Simmons Photograph Collection


Simmons Photograph Collection


These images are from a collection of photos donated to the Filson that in part document areas of Louisville razed by urban renewal. They focus on the area on the western side of downtown near the primary African American business district along Walnut Street (now Muhammad Ali Blvd.).The photographer is unidentified but apparently lived at 734 Dixie Highway. The listed owner at that residence during the time these photos are dated (1946-1959) was Gertrude Simmons. She was a senior citizen and it is doubtful that she was the photographer. It is likely that we’ll never know who took the photos, but because they did, these images of a “lost” Louisville were preserved.

See the entire photo collection on Past Perfect Online:




Filson Photograph Collection




These images are issued by The Filson Historical Society. Property rights in the collection belong to The Filson Historical Society. The user is responsible for copyright issues. Permission for use of this image for ANY reason should be obtained by contacting Filson's Curator of Collections via




Still images

Collection Items

View Looking East from 9th & Madison, 1948
Looking east from 9th and Madison Streets, 1948. Madison Street no longer exists is this area.

Building Being Demolished on 6th and Grayson, 1959
Building at 6th and Grayson Streets shortly before demolition, 1959.

Mansion from Alley on Chestnut Between 6th & 7th, n.d.
Rear view of a mansion on Chestnut Street between 6th and 7th Streets, undated. This might be a rear view of the Huston Apartments at 620 W. Chestnut.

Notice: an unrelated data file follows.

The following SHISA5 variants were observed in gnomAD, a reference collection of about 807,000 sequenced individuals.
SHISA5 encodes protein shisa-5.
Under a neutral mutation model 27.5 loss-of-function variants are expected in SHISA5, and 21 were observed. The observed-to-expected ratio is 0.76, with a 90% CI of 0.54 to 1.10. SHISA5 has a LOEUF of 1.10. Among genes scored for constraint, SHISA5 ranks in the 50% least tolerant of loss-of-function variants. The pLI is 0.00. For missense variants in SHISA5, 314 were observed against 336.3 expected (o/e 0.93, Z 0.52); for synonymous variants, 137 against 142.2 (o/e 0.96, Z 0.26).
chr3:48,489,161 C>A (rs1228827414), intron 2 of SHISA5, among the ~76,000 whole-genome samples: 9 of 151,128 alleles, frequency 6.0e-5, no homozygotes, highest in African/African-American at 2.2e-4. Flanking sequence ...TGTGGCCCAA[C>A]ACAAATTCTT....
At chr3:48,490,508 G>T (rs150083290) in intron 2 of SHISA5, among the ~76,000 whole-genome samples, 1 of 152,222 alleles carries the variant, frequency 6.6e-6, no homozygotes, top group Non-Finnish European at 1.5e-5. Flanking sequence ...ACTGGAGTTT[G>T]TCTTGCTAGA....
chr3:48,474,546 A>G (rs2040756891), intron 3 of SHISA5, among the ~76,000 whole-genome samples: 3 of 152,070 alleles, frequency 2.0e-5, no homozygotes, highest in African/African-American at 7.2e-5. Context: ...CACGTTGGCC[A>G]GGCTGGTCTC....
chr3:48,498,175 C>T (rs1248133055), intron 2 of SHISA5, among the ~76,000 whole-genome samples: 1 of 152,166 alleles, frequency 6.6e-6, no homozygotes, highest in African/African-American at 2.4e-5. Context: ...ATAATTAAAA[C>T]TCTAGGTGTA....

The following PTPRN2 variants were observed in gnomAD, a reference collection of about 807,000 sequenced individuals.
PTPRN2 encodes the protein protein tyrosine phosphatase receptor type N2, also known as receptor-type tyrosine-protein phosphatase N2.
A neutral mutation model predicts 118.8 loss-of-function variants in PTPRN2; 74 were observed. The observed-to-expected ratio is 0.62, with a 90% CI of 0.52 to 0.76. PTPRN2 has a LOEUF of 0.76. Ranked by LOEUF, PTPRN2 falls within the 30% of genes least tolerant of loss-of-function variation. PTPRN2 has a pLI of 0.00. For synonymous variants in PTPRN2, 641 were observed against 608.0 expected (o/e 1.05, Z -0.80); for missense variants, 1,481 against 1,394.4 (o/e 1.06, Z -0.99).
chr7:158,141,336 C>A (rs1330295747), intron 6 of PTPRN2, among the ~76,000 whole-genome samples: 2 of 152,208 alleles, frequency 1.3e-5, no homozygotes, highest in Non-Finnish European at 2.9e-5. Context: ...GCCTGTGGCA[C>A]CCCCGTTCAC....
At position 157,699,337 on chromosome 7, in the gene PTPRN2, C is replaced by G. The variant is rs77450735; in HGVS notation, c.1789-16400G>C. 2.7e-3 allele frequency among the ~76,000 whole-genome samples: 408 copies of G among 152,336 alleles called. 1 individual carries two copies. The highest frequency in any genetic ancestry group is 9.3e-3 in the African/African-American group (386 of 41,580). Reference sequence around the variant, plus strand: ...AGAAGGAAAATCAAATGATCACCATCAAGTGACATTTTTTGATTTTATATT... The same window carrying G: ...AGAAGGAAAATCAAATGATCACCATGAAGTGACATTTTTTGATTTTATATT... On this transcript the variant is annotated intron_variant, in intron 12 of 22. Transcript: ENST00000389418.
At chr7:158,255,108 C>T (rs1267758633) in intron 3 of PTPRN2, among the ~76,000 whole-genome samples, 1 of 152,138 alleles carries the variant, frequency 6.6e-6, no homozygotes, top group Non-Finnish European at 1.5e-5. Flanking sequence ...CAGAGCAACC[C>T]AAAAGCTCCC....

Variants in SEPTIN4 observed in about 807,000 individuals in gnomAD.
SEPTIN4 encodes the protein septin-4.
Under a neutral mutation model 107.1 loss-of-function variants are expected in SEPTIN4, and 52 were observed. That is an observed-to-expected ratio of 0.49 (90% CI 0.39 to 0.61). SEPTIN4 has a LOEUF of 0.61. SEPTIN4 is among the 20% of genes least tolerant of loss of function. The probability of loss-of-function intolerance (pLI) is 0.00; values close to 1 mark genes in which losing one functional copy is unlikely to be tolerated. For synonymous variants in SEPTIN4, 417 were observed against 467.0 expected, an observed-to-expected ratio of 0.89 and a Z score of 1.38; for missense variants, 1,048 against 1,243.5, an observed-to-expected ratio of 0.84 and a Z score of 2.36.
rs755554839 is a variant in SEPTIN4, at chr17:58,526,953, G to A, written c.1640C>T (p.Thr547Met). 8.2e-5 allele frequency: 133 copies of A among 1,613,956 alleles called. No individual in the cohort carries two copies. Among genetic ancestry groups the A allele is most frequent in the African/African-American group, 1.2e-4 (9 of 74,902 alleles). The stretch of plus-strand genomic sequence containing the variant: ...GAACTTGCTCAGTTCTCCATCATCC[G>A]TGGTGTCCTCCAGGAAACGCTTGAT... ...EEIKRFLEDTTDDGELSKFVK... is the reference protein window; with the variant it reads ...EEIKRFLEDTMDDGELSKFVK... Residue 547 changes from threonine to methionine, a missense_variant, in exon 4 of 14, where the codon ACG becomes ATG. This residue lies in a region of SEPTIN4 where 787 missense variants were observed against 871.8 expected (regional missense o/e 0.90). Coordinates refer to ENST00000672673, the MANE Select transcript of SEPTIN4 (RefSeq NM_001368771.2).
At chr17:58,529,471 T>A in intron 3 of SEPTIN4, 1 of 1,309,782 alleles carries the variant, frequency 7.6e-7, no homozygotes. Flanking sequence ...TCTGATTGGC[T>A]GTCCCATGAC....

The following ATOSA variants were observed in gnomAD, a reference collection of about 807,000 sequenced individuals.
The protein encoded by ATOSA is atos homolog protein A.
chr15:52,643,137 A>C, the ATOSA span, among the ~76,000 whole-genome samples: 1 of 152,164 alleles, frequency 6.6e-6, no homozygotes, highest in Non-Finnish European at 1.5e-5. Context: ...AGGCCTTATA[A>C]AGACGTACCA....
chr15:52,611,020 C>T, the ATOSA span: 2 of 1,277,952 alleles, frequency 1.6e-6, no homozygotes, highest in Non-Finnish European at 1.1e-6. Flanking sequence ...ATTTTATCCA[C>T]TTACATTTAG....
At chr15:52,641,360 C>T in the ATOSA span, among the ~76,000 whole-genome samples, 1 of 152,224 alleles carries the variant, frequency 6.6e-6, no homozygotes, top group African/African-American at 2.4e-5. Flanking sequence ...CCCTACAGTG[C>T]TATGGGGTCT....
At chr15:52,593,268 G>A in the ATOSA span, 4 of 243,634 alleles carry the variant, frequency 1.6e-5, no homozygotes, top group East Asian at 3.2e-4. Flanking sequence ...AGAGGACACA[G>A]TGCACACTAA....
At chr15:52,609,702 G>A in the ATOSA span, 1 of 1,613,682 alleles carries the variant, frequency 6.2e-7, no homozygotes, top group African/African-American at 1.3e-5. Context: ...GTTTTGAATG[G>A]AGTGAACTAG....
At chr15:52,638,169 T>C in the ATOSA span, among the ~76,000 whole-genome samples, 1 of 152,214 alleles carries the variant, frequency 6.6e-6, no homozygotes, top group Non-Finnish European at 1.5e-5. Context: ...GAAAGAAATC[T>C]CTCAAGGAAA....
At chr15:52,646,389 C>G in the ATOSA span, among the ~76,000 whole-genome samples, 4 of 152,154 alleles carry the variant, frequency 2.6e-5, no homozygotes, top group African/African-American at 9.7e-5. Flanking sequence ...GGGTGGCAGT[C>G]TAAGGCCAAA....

Mansion Demolished on Chestnut Between 7th & 8th, 1957
Chestnut Street mansion between 7th and 8th Streets shortly before being demolished, 1957.

Rear View of South Side of Walnut St Between 6th and 7th, ca. 1950
Rear view of buildings on the south side of Walnut Street between 6th and 7th Streets, ca. 1950.

Rear View Mansion on Gray St being Demolished, 1959
Old mansion on Gray Street being demolished, 1959. Once lined by fine mansions, medical facilities, light industry, and surface parking now dominate the area. Only a few houses remain today.

Rear of East Side 7th between Magazine and Broadway, 1951
Another view of the rear of row houses on the east side of 7th north of Broadway, 1951.

Rear of 7th St between Broadway and Magazine, 1951
Rear view of row houses on the east side of 7th Street north of Broadway, 1951.

East Side of 7th Between Magazine and Broadway, 1951
Closer view of the antebellum date row houses on the east side of 7th Street north of Broadway, 1951. They were razed by the late 1950s.
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